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In "On the Classification of Topological Field Theories" in Example 1.4.1, Lurie introduces the B-model with target an (even dimensional) Calabi-Yau variety $X$: The Hochschild cohomology $\operatorname{HH}^*(X)$, together with the "canonical trace map" $\operatorname{HH}^*(X) \rightarrow k$, form a graded commutative Frobenius algebra; and by a classical theorem that can, as he states, analogously applied to the graded setting, this defines a 2-dimensional Topological Quantum Field Theory $Z$ with values in complexes such that $Z(S^1)=\operatorname{HH}^*(X)$.

While I can roughly follow his reasoning (although it would be helpful if someone could provide a short explanation on how this trace map occurs), as far as I knew the states of the B-model on $X$ were related to the (bounded) derived category $\operatorname{D}^b(\operatorname{Coh(X)})$, and I don't really see why Lurie's definition should describe the B-model as I know it, or why Hochschild cohomology occurs here. As Lurie only uses this statement as a motivation for introducing extended TQFTs with values in chain complexes, he doesn't give any further explanation or references, so I wondered if anyone here could. Thanks in advance and greetings,

Markus Zetto

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2 Answers 2

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The boundary conditions of the B-model, ie, the D-branes, are the objects in $\mathcal{D}^b(X)$. A little bit of playing with pictures gives that the space of closed string states must be in the center of the algebra of open strings for any given boundary condition. For a category $\mathcal{C}$, this gives a map to $\mathcal{Nat}(id_\mathcal{C},id_\mathcal{C})$. Extending this to the graded situation and using the description of natural transformations as bimodules, you get $$ HH^\bullet(\mathcal{D}^b(X)) = \mathrm{Ext}^\bullet_{X \times X}(\mathcal{O}_\Delta,\mathcal{O}_\Delta) $$ where $\Delta$ is the diagonal. There's a version of the HKR theorem that relates this to cohomology of exterior powers of the tangent bundle, the usual space of states in the B-model.

A lot of this is explained in Moore and Segal. I also explained some (with no claim to originality) in the beginning of my old paper Deformations and D-branes.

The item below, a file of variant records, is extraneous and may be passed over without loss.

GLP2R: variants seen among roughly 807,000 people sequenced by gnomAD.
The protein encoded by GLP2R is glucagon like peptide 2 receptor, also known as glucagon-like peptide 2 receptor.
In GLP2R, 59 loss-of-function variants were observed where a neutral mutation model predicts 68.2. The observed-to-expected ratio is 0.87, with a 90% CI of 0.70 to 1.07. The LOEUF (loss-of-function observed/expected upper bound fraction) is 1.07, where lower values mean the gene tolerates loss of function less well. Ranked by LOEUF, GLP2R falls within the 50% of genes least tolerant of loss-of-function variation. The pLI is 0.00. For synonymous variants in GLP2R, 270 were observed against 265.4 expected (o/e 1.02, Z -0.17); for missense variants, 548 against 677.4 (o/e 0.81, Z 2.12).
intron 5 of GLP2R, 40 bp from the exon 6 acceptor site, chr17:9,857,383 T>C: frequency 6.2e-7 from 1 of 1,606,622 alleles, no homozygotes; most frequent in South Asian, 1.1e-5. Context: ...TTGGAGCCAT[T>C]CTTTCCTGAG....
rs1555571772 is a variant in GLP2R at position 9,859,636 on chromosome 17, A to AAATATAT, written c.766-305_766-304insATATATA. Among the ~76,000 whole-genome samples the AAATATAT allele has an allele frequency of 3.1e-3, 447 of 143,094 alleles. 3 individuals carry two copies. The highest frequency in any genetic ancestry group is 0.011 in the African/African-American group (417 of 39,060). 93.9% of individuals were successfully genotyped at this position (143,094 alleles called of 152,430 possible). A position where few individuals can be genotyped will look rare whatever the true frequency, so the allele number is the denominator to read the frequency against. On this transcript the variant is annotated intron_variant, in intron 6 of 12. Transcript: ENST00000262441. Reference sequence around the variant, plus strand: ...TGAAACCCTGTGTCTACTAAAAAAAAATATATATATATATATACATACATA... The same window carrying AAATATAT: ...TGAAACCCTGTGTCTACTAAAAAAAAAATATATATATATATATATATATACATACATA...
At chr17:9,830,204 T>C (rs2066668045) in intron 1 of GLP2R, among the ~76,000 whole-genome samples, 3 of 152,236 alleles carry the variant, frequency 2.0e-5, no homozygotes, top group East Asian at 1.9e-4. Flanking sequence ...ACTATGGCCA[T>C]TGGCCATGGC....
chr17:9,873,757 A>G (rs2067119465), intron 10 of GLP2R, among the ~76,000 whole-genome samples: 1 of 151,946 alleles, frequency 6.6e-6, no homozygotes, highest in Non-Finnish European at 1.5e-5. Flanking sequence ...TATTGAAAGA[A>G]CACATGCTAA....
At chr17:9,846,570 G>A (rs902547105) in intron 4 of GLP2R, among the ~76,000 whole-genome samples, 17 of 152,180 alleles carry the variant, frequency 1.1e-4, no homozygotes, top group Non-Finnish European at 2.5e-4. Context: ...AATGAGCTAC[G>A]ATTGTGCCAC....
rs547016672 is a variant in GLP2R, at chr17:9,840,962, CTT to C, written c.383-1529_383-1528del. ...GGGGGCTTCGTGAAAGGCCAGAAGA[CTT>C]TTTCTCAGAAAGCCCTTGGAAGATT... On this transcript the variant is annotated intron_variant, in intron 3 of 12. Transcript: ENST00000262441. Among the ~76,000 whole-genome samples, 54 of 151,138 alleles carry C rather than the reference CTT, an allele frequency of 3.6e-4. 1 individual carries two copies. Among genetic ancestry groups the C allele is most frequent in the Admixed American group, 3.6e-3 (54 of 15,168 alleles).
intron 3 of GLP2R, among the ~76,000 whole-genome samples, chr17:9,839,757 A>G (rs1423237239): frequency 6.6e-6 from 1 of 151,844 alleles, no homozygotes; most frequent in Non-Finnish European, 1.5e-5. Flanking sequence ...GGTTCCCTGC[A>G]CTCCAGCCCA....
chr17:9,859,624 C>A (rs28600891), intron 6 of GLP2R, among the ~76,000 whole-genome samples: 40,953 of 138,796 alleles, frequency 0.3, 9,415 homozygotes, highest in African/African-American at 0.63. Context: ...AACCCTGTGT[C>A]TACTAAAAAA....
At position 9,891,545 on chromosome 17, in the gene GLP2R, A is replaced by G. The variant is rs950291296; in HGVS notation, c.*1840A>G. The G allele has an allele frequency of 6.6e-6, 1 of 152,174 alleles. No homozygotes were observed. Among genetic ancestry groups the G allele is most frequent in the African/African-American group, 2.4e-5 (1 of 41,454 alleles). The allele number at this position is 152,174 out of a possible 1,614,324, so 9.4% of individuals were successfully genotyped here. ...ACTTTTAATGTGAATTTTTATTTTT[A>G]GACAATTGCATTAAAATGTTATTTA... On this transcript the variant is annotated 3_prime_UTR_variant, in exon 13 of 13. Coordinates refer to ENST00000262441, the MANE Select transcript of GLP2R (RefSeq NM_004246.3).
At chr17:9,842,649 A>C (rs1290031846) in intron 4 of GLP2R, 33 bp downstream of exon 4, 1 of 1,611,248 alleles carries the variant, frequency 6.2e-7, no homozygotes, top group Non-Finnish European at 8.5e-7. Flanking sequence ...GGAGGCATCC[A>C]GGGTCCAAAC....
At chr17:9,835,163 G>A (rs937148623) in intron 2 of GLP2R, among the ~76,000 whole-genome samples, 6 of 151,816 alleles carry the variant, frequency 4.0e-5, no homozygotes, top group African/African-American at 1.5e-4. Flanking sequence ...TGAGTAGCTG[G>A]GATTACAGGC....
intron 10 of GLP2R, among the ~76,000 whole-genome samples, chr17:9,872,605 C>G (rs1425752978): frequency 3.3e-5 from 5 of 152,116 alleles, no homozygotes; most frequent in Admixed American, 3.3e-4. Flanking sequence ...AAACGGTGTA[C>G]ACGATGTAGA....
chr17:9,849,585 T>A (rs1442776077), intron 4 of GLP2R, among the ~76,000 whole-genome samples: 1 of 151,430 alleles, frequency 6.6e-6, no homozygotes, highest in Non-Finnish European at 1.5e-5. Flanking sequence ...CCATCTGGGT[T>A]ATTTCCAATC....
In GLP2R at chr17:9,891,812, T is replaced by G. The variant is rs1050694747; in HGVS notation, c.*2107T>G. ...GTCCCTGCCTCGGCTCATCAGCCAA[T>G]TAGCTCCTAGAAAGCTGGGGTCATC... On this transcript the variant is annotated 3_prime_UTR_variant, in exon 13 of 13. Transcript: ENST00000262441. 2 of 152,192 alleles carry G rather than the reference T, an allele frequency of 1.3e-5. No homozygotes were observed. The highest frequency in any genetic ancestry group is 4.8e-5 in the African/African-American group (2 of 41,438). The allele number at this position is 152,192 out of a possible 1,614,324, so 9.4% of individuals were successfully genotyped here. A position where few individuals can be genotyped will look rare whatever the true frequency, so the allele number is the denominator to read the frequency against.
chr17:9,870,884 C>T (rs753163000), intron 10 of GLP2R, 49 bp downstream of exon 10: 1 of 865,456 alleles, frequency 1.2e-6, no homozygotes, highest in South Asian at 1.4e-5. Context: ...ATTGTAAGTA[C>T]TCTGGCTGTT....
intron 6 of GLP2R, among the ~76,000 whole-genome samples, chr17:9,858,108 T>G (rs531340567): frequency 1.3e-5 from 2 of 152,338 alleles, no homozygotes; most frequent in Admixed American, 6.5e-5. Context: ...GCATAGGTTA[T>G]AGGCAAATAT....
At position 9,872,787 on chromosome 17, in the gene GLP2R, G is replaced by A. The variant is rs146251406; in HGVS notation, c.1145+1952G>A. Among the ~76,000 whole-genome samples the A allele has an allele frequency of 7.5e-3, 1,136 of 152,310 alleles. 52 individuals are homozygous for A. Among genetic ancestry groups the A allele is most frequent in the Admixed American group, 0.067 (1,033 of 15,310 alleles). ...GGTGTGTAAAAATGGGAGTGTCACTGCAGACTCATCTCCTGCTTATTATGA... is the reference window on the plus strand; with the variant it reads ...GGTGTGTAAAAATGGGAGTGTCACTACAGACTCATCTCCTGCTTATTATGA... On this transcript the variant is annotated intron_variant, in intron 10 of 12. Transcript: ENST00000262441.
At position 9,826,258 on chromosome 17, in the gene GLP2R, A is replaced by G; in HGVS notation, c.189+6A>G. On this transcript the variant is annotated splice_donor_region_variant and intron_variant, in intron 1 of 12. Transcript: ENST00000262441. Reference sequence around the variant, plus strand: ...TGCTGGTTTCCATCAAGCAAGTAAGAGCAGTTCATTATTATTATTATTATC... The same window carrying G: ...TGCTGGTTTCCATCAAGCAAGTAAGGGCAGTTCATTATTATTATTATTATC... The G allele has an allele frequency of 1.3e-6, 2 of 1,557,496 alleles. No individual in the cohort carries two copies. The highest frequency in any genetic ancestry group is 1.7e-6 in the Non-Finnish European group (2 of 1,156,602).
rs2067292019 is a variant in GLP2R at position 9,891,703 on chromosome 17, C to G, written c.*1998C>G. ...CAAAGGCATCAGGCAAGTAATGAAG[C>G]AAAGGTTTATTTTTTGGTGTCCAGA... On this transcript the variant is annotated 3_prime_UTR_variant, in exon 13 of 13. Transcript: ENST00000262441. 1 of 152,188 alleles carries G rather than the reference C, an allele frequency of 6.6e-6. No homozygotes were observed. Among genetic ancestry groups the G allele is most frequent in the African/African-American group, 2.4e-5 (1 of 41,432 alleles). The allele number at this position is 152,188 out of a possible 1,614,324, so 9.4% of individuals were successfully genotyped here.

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  • $\begingroup$ Thanks, these both seem like very good references! I'll still have a bit of reading to do to figure out what exactly is going on here and how exactly this factors into Lurie's definition (I figure the fact that $Z(S^1)=\operatorname{HH}^*(X)$ just tells me exactly what you are saying, i.e. what the space of states for a closed string is), but this makes it very clear why Hochschild cohomology apears. $\endgroup$ Apr 30, 2020 at 13:19
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    $\begingroup$ You might also want to check out Kevin Costello's work, which focuses only on the 2D case so might be easier to understand: arxiv.org/pdf/math/0412149.pdf $\endgroup$ Apr 30, 2020 at 14:10
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For correct attribution, one should at least mention the paper which the preprint of Moore and Segal itself quotes as the source for the particular case of the algebraic description of open-closed TFTs which they give without proof. The following paper was published about 5 years before the preprint of Moore and Segal:

C. I. Lazaroiu, On the structure of open-closed topological field theory in two dimensions, Nucl.Phys.B603 (2001) 497-530, https://arxiv.org/abs/hep-th/0010269

Notice that the spaces of boundary states in the B-model with CY manifold target X are Z-graded, since the physically correct category of B-type topological D-branes is not D^b(X) but rather its shift completion. The Z/2Z grading in Lazaroiu's axioms is the mod 2 reduction of that natural Z-grading -- and this Z/2Z grading is ignored by Moore and Segal. Shift completions were explained in:

C. I. Lazaroiu, Graded D-branes and skew-categories, JHEP 0708 (2007) 088, https://arxiv.org/abs/hep-th/0612041

(which also explains the twist-completion that occurs, for example, in B-type orbifold LG models).

One should also note that the argument using HH(D^b(X)) and the holomorphic HKR isomorphism is not due to Lurie but to Kontsevich. Furthermore this argument (while very nice and natural) is not needed for the B-model, since the closed string state space of the B-model is known independently from localization of the path integral in the bulk sector, which produces the space of polyvector fields endowed with its (Dolbeault) differential and Serre trace. This goes back to Witten and to the paper of BCOV in the early 1990's. The advantage of the polyvector approach is that it provides an off-shell model which also appears in the BCOV theory and has a dual description using a BV bracket.

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  • $\begingroup$ Without digging too deep into this particular issue, I will note that the Moore and Segal results had been circulating and were available on Greg’s webpage many years before the release of the preprint. $\endgroup$ Jun 28, 2020 at 0:46
  • $\begingroup$ @Aaron What I have heard is that the only thing available (as per Greg Moore himself) were transparencies of a talk that had been unknown to Lazaroiu and which did not contain Lazaroiu's results but only a preliminary attempt at the problem. Lazaroiu (who was a first year post-doc at the time) mentions this in an added note and quotes those transparencies in the second version of his preprint, since he received a very strongly worded email from Greg Moore attaching those transparencies. It is dangerous to make claims about priority which are not supported by documentary evidence. $\endgroup$ Jun 28, 2020 at 14:04

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